Tuesday, December 18, 2018

Dylan Thomas, Christmas, New Orleans, and Me

I remember my childhood Christmas celebrations by presents and relatives.

The earliest Christmas I recall must have been when I was three. My mother, at her wit’s end by my constant pulling of pots and pans from the shelves, prevailed upon my father to buy a toy set, which was interesting, but not as interesting as the jack-in-the-box my father had searched New York City for, or the Davy Crockett coonskin hat (with faux racoon tail) that was all the rage because of the television series with Fess Parker. The Christmas puppy arrived when I was six. The Lionel model train came when I was seven. The “big boy’s” bike (26-inch wheels) showed up when I was 9. The bb gun came at 10. The last remembered present was a chess set using the characters of Augustan Rome – Augustus for the king, Livia for the queen, and Cicero for the bishop. I still have it.

And the relatives. We lived in New Orleans, my mother’s hometown, and she came from a large family. For years, our suburban ranch home was the place for Christmas dinner, for no other reason that it had a large den that could hold everyone for dinner. My mother would always make the pies and the fruit salad. My father would cook the Christmas turkey and make oyster dressing, which everyone in the family raved about. Except me. I wouldn’t eat it, possibly because I saw what the raw oysters looked like going into it.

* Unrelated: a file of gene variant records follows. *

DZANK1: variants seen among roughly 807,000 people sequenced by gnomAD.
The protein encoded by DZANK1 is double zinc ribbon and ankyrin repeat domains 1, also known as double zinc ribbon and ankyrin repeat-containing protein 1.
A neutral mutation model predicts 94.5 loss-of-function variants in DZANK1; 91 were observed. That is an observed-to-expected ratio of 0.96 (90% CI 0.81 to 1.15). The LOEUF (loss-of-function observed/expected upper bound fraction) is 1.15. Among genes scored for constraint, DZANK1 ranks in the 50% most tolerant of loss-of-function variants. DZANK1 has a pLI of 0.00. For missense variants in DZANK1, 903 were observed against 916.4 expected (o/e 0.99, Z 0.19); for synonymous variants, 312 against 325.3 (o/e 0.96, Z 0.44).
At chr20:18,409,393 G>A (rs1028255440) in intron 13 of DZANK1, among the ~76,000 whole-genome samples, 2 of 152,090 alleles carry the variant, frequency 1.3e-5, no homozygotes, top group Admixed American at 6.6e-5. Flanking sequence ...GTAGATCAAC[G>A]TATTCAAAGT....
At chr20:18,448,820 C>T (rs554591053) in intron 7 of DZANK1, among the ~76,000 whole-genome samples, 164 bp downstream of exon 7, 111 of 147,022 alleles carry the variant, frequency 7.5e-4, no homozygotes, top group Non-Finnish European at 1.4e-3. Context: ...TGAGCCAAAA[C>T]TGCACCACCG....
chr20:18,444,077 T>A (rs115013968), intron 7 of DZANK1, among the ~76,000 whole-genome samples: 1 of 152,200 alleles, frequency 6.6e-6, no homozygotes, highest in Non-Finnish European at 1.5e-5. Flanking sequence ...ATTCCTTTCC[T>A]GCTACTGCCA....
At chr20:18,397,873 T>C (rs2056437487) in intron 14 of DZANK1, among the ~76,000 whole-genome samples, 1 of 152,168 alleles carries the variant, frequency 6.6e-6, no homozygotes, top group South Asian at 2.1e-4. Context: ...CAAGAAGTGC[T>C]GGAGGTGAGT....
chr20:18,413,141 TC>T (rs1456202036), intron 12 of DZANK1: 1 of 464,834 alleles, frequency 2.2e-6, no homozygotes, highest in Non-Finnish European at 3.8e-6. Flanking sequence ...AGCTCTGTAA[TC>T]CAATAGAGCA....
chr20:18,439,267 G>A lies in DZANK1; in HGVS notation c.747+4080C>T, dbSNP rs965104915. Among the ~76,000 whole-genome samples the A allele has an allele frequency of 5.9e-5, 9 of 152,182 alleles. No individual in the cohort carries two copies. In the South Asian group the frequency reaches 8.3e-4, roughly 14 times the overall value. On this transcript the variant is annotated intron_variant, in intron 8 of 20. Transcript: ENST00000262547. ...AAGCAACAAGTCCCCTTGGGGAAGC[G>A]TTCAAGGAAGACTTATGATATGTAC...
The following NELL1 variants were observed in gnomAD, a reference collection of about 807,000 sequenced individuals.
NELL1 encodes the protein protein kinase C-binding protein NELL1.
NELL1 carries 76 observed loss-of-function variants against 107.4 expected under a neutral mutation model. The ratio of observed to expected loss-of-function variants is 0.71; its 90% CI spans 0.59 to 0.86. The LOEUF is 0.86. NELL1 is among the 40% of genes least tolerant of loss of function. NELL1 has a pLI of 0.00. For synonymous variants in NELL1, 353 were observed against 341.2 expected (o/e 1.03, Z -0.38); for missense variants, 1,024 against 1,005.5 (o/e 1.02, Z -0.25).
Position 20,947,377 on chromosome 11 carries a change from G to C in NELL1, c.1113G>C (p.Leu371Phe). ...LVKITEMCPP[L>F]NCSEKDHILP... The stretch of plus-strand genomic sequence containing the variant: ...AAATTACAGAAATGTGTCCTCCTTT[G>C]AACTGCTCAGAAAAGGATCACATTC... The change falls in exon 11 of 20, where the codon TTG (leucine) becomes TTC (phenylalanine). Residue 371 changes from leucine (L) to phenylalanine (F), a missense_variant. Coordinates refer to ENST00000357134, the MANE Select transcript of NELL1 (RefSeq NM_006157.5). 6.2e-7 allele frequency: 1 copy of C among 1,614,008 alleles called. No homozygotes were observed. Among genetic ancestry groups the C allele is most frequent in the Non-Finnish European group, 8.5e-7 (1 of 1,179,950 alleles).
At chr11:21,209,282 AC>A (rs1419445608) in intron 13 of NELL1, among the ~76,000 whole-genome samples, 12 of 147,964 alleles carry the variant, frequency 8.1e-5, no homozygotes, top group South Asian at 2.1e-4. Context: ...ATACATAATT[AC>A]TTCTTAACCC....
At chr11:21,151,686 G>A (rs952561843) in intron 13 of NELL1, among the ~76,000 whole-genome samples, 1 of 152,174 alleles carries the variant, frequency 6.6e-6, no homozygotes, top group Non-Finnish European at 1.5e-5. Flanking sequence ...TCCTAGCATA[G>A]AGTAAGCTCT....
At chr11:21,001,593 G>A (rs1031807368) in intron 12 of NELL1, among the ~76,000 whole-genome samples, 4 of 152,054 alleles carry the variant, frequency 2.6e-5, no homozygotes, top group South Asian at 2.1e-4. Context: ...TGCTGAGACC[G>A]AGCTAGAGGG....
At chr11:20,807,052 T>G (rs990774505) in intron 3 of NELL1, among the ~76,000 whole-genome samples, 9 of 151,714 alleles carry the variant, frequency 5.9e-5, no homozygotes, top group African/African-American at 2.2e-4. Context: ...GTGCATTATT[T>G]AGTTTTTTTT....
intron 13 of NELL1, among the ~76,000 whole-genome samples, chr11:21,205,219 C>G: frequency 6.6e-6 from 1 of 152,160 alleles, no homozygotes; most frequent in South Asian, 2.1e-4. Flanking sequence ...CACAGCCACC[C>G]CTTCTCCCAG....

To continue reading, please see my post today at Tweetspeak Poetry.

Monday, December 17, 2018

"Dancing Priest" Free on Amazon Kindle This Week

Dancing Priest, the first novel in the series, is free on Amazon Kindle this week. 
Michael Kent…
A young man studying to become a priest finds love, and learns that faith can separate.
A university cyclist seeking Olympic gold finds tragedy, death and heroism.
A pastor thousands of miles from home seeks vocation and finds fatherhood.
Sarah Hughes…
A young woman living abroad finds love and loses family.
A university student meets a faith she cannot accept.